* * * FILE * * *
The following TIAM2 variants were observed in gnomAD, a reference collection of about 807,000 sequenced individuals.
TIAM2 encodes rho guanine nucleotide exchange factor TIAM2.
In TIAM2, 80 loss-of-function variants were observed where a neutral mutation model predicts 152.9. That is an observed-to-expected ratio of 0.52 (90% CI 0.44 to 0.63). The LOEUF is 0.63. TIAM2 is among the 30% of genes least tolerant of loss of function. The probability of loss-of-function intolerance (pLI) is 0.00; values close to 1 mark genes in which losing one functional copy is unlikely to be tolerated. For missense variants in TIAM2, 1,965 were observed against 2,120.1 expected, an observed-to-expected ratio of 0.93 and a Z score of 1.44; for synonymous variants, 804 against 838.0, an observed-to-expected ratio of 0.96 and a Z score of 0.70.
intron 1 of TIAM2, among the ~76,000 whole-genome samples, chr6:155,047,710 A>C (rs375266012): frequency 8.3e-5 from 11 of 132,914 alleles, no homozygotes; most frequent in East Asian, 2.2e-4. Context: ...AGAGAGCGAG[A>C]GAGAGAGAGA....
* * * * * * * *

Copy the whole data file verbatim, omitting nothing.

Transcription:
The following TIAM2 variants were observed in gnomAD, a reference collection of about 807,000 sequenced individuals.
TIAM2 encodes rho guanine nucleotide exchange factor TIAM2.
In TIAM2, 80 loss-of-function variants were observed where a neutral mutation model predicts 152.9. That is an observed-to-expected ratio of 0.52 (90% CI 0.44 to 0.63). The LOEUF is 0.63. TIAM2 is among the 30% of genes least tolerant of loss of function. The probability of loss-of-function intolerance (pLI) is 0.00; values close to 1 mark genes in which losing one functional copy is unlikely to be tolerated. For missense variants in TIAM2, 1,965 were observed against 2,120.1 expected, an observed-to-expected ratio of 0.93 and a Z score of 1.44; for synonymous variants, 804 against 838.0, an observed-to-expected ratio of 0.96 and a Z score of 0.70.
intron 1 of TIAM2, among the ~76,000 whole-genome samples, chr6:155,047,710 A>C (rs375266012): frequency 8.3e-5 from 11 of 132,914 alleles, no homozygotes; most frequent in East Asian, 2.2e-4. Context: ...AGAGAGCGAG[A>C]GAGAGAGAGA....